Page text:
Sunday, June 19, 2011

The Hall and Marston Satires, Part 4

The Hall and Marston Satires, Part 4

And now here is Barry R. Clarke’s summary. Some of the references can only be fully understood from having read the full piece, which is included in his book’s appendix, pages 226-232.


E5 A summary
We now have possession of the following facts. In the Virgidemiarum, we can identify a reasonable association between Labeo the Cynick —Hall’s main target — and Shake-speare’s Venus and Adonis. With far less certainty, we can claim a connection between Labeo and Love’s Labour’s Lost. Joseph Hall claims that Labeo the Cynic is a “fool” to have given up “his handsome drinking bole” to a “swaine” who nourishes himself from it. However, in doing so, Labeo has become immune from criticism because he “shifts it to another’s name”, presumably the same low-ranking “swaine”.

Labeo first makes his entrance in Hall’s Virgidemiarum, Book 2,Satire 1:

For shame write better Labeo, or write none
Or better write, or Labeo write alone.
Nay, call the Cynick but a wittie fool,
Thence to objure(a) his handsome drinking bole:
Because the thirstie swaine(b) with hollow hand
Conveyed the streame to wet his dry weasand(c)…
Key : (a) renounce, (b) country person — see below , (c) throat

In Marston’s The Authour in prayse of his precedent Poem there is a strong connection between Labeo and Venus and Adonis. Marston also introduces Lynceus, a boar hunter who, since a boar features on Francis Bacon’s coat of arms, might represent Hall the Bacon hunter. The piece suggests that Lynceus (Hall) knows of a metamorphosis other than the one in Venus and Adonis, perhaps one that has transformed Labeo into another person. Labeo does not appear in Reactio, however, in the course of Marston’s defence of ‘mirror’ poetry, we find good allusions to Venus and Adonis around Bacon’s family motto.

So it is a reasonable interpretation that between them, Hall and Marston intended Labeo the Cynic to be Francis Bacon, who had renounced his possessions (particularly, Venus and Adonis) to a man of humble origins (“thirsty swaine”) who was both profiting from the work (“wet his dry weasand”) and acting as a mask (“shift it to another’s name”). This could only have been Shakspere.

“Who list complaine of wronged faith or fame
When hee may shift it on to anothers name?”

In 1599, in light of the Hall–Marston controversy, the Archbishop of Winchester and the Bishop of London banned satires and epigrams, confiscating all copies of the Virgidemiae and publically burning the works of Marston.

Clarke’s online book can be found here:     (note: you may need to copy and paste this into a browser. It will automatically download the full book).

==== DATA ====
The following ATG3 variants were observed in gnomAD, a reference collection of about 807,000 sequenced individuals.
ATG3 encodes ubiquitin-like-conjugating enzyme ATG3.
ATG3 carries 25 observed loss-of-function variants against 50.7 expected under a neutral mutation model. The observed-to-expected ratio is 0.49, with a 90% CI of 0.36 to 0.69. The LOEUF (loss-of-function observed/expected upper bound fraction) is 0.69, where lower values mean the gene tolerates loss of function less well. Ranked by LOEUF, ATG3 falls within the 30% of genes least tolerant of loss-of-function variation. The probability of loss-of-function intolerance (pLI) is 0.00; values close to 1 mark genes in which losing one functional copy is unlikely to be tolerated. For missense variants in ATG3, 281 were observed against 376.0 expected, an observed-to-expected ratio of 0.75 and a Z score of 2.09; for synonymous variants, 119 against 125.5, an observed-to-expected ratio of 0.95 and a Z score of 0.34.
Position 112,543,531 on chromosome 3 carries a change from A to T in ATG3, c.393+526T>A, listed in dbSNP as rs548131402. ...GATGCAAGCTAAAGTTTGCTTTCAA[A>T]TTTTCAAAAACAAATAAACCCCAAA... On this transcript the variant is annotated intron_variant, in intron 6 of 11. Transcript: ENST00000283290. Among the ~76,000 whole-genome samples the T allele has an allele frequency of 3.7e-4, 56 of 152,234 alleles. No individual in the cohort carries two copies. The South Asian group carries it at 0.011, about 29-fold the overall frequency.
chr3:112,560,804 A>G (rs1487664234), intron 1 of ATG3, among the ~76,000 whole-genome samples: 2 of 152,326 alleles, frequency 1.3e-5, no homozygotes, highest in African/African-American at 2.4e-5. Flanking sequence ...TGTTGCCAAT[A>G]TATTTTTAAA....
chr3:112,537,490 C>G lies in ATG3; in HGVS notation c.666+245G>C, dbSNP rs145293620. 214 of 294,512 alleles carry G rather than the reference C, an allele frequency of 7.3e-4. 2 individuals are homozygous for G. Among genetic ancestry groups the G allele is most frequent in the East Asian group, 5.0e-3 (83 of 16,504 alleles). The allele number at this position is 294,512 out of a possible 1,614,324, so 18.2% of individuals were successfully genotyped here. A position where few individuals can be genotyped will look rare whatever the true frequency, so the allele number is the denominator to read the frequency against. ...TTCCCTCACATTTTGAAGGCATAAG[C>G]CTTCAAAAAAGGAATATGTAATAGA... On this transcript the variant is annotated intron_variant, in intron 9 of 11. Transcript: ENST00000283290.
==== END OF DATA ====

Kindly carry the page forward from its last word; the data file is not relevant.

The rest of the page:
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Finally, another writer, Ross Jackson, summarized it like this:

“An interesting tale identifying Bacon as the concealed author of the two poems, Venus and Adonis, and Lucrece, and the play, Henry IV, is found in the writings of two well-known satirists, Joseph Hall and John Marston in 1597-98. The information is not provided in so many words, but must be dug out by sophisticated literary analysis, which has been done by various scholars. The conclusion is not disputed by Stratfordians who have studied the writings, but their reaction is: so what if two people claimed that Bacon was the concealed author of the three works. That is not proof.”

Jackson continues: “The evidence is, of course, circumstantial, but I happen to think it is very relevant because it is consistent with other evidence. Two people in the heart of the London literary scene both told the world in no uncertain terms that Bacon was the real author of these works. And this was at a time when these were the only works published in William Shakespeare’s name. It is especially interesting because Marston was not only a lawyer from Cambridge, and therefore very likely knew Bacon personally, but he was also a close friend of Thomas Greene, who in turn was a cousin of Will Shaksper, came from the same area, rented rooms from him at one time, and even named his children after Will and his wife Anne. So Marston was one of the few people with close links to both Shaksper and Bacon. This suggests why he knew and adds a good deal of credibility to the story. It is also relevant that Bacon’s good friend and former tutor, John Whitgift, at this time Archbishop of Canterbury, ordered Hall’s and Marston’s satires to be burned, probably to protect Francis Bacon from unwanted publicity”.

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